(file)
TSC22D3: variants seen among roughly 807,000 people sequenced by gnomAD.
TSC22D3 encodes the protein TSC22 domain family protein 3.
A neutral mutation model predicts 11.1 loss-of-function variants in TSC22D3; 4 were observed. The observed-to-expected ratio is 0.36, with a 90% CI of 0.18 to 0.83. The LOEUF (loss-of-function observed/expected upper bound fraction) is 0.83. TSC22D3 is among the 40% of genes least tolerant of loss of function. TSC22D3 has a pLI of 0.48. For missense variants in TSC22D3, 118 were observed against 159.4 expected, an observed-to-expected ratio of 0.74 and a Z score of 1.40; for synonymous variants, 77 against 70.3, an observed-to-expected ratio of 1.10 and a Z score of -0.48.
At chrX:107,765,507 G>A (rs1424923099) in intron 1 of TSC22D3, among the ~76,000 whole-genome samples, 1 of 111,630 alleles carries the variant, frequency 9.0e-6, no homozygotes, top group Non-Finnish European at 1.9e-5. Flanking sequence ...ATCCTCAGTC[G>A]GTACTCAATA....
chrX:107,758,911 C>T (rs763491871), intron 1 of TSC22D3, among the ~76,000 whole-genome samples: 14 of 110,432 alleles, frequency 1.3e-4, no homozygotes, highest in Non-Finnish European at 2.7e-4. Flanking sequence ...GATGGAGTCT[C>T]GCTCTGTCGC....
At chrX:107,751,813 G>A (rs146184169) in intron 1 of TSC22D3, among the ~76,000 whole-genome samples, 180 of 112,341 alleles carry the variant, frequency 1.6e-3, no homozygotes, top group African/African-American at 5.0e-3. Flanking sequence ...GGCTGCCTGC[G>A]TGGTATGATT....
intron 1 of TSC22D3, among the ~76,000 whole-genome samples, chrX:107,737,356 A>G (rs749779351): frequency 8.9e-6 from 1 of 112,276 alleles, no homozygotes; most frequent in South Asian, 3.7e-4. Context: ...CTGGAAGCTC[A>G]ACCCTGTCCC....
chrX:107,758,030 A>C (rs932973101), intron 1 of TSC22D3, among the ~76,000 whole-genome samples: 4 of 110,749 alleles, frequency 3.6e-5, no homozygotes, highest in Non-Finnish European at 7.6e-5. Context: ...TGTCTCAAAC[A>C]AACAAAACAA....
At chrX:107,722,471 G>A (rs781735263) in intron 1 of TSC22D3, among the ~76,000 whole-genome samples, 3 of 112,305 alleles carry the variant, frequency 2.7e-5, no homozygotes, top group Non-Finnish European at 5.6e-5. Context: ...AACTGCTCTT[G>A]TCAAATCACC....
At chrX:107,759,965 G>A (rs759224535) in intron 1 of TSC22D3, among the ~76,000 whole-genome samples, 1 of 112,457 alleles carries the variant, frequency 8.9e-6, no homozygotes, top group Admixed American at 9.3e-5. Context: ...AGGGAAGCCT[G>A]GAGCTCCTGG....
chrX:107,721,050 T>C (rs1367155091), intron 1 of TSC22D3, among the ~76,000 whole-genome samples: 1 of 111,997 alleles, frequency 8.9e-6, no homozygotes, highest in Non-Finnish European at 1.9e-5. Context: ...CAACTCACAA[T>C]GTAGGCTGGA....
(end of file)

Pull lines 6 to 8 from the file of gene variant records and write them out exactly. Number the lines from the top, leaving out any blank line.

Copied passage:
At chrX:107,751,813 G>A (rs146184169) in intron 1 of TSC22D3, among the ~76,000 whole-genome samples, 180 of 112,341 alleles carry the variant, frequency 1.6e-3, no homozygotes, top group African/African-American at 5.0e-3. Flanking sequence ...GGCTGCCTGC[G>A]TGGTATGATT....
intron 1 of TSC22D3, among the ~76,000 whole-genome samples, chrX:107,737,356 A>G (rs749779351): frequency 8.9e-6 from 1 of 112,276 alleles, no homozygotes; most frequent in South Asian, 3.7e-4. Context: ...CTGGAAGCTC[A>G]ACCCTGTCCC....
chrX:107,758,030 A>C (rs932973101), intron 1 of TSC22D3, among the ~76,000 whole-genome samples: 4 of 110,749 alleles, frequency 3.6e-5, no homozygotes, highest in Non-Finnish European at 7.6e-5. Context: ...TGTCTCAAAC[A>C]AACAAAACAA....